Editor's Corner

State governments are at a delicate point in the healthcare reform process. Officials have proposed some fairly radical changes to the way their health insurance markets work, but haven't had time to prove their points yet.

Massachusetts, however, is supposed to change all of that. As its new health insurance requirements roll out this summer--and the rolls of the state's uninsured shrink--Massachusetts will pioneer a model that could change the course of the U.S. healthcare system for decades. If it works, other states will have a much easier time moving forward, and given the current political climate, there's little doubt that they'll go for it.

The question, however, is whether the Massachusetts roll-out will prove to offer a workable example or not. One naysayer, the Foundation for Taxpayer and Consumer Rights, argues that the plans are unworkable given the real costs imposed by the state-negotiated basic health plan (see story below).

If FTCR is right, this isn't great news for still-emerging reform plans brewing in other states. If consumers can't really use their coverage--yet face state penalties if they don't buy--the closely-watched Massachusetts program may face serious challenges not long after its launch. I imagine Gov. Deval Patrick (D) will counter that some coverage is better than none, but somehow, I don't think that will play well with the peanut gallery.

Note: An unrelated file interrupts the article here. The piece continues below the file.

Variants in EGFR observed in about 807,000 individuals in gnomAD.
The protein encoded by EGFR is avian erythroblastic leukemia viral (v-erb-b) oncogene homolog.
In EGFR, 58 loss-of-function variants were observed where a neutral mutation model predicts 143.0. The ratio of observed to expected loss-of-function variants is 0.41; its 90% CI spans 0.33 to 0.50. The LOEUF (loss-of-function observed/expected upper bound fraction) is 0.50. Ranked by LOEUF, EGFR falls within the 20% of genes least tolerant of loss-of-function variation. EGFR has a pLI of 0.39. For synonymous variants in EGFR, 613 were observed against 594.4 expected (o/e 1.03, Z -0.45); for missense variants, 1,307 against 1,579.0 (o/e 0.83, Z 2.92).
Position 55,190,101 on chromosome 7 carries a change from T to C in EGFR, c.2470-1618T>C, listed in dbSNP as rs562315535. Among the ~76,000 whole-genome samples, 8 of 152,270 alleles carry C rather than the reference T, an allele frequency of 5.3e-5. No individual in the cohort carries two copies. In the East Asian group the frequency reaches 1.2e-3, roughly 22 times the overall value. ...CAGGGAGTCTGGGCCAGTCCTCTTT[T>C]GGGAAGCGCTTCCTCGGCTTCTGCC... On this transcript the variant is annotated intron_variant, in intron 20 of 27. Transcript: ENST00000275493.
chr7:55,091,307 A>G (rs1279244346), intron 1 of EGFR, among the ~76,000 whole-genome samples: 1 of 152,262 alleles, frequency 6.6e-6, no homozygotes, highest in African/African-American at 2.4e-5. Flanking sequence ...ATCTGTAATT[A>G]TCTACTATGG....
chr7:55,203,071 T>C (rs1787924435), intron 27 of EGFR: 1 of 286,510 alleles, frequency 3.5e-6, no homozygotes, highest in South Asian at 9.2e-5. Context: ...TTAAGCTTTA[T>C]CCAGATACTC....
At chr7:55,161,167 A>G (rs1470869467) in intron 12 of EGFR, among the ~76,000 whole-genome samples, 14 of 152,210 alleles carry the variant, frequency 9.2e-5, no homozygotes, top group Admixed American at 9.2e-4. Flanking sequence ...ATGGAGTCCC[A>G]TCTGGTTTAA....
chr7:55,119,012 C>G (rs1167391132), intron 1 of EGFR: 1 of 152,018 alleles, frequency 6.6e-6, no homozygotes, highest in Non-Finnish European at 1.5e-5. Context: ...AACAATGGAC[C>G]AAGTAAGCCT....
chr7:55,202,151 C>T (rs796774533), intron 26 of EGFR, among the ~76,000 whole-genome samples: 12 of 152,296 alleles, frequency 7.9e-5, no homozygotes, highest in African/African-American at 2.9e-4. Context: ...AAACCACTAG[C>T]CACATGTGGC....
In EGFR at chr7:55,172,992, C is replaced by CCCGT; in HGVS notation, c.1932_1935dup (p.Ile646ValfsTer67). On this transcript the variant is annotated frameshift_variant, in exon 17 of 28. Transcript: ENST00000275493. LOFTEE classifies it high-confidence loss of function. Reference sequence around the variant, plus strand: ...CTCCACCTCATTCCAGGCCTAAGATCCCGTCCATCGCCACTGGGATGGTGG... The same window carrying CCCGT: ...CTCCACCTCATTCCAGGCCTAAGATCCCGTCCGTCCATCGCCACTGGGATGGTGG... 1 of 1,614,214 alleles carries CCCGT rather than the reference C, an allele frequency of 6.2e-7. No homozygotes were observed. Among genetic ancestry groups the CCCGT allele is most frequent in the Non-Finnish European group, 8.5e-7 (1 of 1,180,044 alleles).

If Massachusetts stumbles, it could easily change the way other copycat states manage their health coverage expansion efforts. For example, it could mean that other coverage strategies--such as wider eligibility for Medicaid--become more popular than Massachusetts' "bare bones" commercial coverage model. Meanwhile, if the state's reforms are perceived as a major failure, other state efforts could get bogged down or cease entirely. That's the problem with bellwether states--while they can play a big role in catalyzing change, the rest of the industry has to live with their example, for better or worse.

All in all, the possibility that Massachusetts reforms might face cost problems with its roll-out raises the stakes considerably. If you're a fan of health coverage change, just hope that trend-setting Massachusetts state leaders can carry the ball. - Anne